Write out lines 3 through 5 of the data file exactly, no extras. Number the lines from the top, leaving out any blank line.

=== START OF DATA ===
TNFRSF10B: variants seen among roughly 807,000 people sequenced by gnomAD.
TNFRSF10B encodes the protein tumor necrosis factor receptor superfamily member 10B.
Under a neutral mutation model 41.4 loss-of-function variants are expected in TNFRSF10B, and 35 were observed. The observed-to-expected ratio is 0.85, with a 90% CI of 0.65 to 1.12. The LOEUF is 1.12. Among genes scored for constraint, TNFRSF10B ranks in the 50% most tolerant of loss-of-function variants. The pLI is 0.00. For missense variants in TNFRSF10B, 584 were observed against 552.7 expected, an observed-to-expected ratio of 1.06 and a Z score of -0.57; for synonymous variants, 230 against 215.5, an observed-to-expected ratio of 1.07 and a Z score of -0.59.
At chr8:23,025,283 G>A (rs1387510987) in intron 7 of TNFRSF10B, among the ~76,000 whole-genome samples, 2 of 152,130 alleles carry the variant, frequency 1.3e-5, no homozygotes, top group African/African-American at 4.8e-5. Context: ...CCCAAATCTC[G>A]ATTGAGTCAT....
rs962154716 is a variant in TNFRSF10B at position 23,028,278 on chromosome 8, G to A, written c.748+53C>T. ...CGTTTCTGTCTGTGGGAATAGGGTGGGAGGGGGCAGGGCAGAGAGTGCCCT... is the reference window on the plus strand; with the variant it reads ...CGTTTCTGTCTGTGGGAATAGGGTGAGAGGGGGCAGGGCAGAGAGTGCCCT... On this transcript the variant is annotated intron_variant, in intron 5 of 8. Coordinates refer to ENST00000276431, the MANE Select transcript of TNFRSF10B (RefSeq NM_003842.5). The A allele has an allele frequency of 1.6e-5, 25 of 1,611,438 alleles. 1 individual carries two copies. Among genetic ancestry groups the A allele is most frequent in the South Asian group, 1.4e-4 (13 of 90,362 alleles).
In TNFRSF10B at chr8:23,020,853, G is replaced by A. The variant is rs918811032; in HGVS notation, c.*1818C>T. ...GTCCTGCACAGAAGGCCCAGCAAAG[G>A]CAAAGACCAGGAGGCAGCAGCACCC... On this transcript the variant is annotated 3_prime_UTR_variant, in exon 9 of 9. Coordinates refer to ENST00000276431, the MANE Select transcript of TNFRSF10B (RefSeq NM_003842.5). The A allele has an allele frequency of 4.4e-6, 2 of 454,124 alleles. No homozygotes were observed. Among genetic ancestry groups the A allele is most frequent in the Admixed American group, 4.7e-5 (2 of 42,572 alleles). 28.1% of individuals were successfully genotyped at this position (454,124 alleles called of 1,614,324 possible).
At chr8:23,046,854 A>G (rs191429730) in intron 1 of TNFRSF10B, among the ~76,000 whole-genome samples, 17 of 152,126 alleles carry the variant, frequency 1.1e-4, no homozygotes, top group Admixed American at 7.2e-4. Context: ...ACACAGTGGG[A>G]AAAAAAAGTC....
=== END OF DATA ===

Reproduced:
Under a neutral mutation model 41.4 loss-of-function variants are expected in TNFRSF10B, and 35 were observed. The observed-to-expected ratio is 0.85, with a 90% CI of 0.65 to 1.12. The LOEUF is 1.12. Among genes scored for constraint, TNFRSF10B ranks in the 50% most tolerant of loss-of-function variants. The pLI is 0.00. For missense variants in TNFRSF10B, 584 were observed against 552.7 expected, an observed-to-expected ratio of 1.06 and a Z score of -0.57; for synonymous variants, 230 against 215.5, an observed-to-expected ratio of 1.07 and a Z score of -0.59.
At chr8:23,025,283 G>A (rs1387510987) in intron 7 of TNFRSF10B, among the ~76,000 whole-genome samples, 2 of 152,130 alleles carry the variant, frequency 1.3e-5, no homozygotes, top group African/African-American at 4.8e-5. Context: ...CCCAAATCTC[G>A]ATTGAGTCAT....
rs962154716 is a variant in TNFRSF10B at position 23,028,278 on chromosome 8, G to A, written c.748+53C>T. ...CGTTTCTGTCTGTGGGAATAGGGTGGGAGGGGGCAGGGCAGAGAGTGCCCT... is the reference window on the plus strand; with the variant it reads ...CGTTTCTGTCTGTGGGAATAGGGTGAGAGGGGGCAGGGCAGAGAGTGCCCT... On this transcript the variant is annotated intron_variant, in intron 5 of 8. Coordinates refer to ENST00000276431, the MANE Select transcript of TNFRSF10B (RefSeq NM_003842.5). The A allele has an allele frequency of 1.6e-5, 25 of 1,611,438 alleles. 1 individual carries two copies. Among genetic ancestry groups the A allele is most frequent in the South Asian group, 1.4e-4 (13 of 90,362 alleles).